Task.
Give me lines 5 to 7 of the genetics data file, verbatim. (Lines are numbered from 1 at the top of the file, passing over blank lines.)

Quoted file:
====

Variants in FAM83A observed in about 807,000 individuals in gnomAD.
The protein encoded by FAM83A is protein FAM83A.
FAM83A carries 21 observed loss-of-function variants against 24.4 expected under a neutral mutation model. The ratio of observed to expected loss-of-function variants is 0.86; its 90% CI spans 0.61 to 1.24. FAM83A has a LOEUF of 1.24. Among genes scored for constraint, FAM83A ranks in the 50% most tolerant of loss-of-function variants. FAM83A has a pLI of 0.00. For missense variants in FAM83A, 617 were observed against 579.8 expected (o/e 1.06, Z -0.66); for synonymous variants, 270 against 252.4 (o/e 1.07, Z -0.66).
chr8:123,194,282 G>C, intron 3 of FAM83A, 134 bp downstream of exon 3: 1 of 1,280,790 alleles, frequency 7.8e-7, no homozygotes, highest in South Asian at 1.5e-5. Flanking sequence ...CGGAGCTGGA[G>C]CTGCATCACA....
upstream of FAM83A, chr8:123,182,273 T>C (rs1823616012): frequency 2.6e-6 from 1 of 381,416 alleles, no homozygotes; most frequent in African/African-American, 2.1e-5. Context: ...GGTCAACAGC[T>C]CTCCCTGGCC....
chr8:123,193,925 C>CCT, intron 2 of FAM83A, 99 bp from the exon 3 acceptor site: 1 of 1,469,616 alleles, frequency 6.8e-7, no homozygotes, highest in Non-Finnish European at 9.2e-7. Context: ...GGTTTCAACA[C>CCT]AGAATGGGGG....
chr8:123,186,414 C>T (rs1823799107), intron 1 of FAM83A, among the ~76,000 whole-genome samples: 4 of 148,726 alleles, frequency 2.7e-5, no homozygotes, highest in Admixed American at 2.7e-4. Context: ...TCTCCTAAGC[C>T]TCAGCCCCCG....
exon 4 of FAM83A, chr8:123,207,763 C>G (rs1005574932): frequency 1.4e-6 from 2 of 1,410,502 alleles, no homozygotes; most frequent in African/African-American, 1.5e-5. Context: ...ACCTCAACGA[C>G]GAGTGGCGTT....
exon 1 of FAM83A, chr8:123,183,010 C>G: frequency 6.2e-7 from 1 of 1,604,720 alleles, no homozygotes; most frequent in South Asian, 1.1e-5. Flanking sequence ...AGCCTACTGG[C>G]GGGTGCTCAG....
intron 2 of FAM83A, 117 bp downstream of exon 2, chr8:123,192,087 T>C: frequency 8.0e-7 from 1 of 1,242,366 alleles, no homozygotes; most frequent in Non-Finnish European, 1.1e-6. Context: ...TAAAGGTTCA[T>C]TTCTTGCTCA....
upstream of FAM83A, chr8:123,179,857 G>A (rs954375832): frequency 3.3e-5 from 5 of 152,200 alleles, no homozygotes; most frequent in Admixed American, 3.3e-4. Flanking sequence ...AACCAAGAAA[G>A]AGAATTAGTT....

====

upstream of FAM83A, chr8:123,182,273 T>C (rs1823616012): frequency 2.6e-6 from 1 of 381,416 alleles, no homozygotes; most frequent in African/African-American, 2.1e-5. Context: ...GGTCAACAGC[T>C]CTCCCTGGCC....
chr8:123,193,925 C>CCT, intron 2 of FAM83A, 99 bp from the exon 3 acceptor site: 1 of 1,469,616 alleles, frequency 6.8e-7, no homozygotes, highest in Non-Finnish European at 9.2e-7. Context: ...GGTTTCAACA[C>CCT]AGAATGGGGG....
chr8:123,186,414 C>T (rs1823799107), intron 1 of FAM83A, among the ~76,000 whole-genome samples: 4 of 148,726 alleles, frequency 2.7e-5, no homozygotes, highest in Admixed American at 2.7e-4. Context: ...TCTCCTAAGC[C>T]TCAGCCCCCG....